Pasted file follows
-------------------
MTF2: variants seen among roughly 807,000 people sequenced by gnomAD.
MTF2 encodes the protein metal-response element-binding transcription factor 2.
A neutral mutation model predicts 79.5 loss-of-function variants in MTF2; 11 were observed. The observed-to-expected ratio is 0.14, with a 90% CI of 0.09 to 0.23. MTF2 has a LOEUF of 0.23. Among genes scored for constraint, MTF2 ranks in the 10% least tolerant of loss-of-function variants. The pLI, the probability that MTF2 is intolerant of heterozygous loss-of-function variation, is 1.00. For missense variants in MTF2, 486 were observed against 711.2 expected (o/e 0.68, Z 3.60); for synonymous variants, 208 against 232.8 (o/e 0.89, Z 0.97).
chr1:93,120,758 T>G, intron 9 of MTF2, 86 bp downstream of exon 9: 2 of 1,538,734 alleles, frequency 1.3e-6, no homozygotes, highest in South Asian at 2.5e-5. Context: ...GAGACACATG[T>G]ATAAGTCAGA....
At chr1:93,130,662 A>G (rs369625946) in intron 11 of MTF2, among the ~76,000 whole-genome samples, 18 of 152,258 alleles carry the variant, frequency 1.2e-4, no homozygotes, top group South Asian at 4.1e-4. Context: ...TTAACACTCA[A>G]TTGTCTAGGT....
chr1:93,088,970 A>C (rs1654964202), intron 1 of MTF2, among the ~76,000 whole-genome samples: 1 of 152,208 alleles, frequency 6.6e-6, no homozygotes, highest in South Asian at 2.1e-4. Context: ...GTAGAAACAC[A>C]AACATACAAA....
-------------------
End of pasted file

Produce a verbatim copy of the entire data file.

MTF2: variants seen among roughly 807,000 people sequenced by gnomAD.
MTF2 encodes the protein metal-response element-binding transcription factor 2.
A neutral mutation model predicts 79.5 loss-of-function variants in MTF2; 11 were observed. The observed-to-expected ratio is 0.14, with a 90% CI of 0.09 to 0.23. MTF2 has a LOEUF of 0.23. Among genes scored for constraint, MTF2 ranks in the 10% least tolerant of loss-of-function variants. The pLI, the probability that MTF2 is intolerant of heterozygous loss-of-function variation, is 1.00. For missense variants in MTF2, 486 were observed against 711.2 expected (o/e 0.68, Z 3.60); for synonymous variants, 208 against 232.8 (o/e 0.89, Z 0.97).
chr1:93,120,758 T>G, intron 9 of MTF2, 86 bp downstream of exon 9: 2 of 1,538,734 alleles, frequency 1.3e-6, no homozygotes, highest in South Asian at 2.5e-5. Context: ...GAGACACATG[T>G]ATAAGTCAGA....
At chr1:93,130,662 A>G (rs369625946) in intron 11 of MTF2, among the ~76,000 whole-genome samples, 18 of 152,258 alleles carry the variant, frequency 1.2e-4, no homozygotes, top group South Asian at 4.1e-4. Context: ...TTAACACTCA[A>G]TTGTCTAGGT....
chr1:93,088,970 A>C (rs1654964202), intron 1 of MTF2, among the ~76,000 whole-genome samples: 1 of 152,208 alleles, frequency 6.6e-6, no homozygotes, highest in South Asian at 2.1e-4. Context: ...GTAGAAACAC[A>C]AACATACAAA....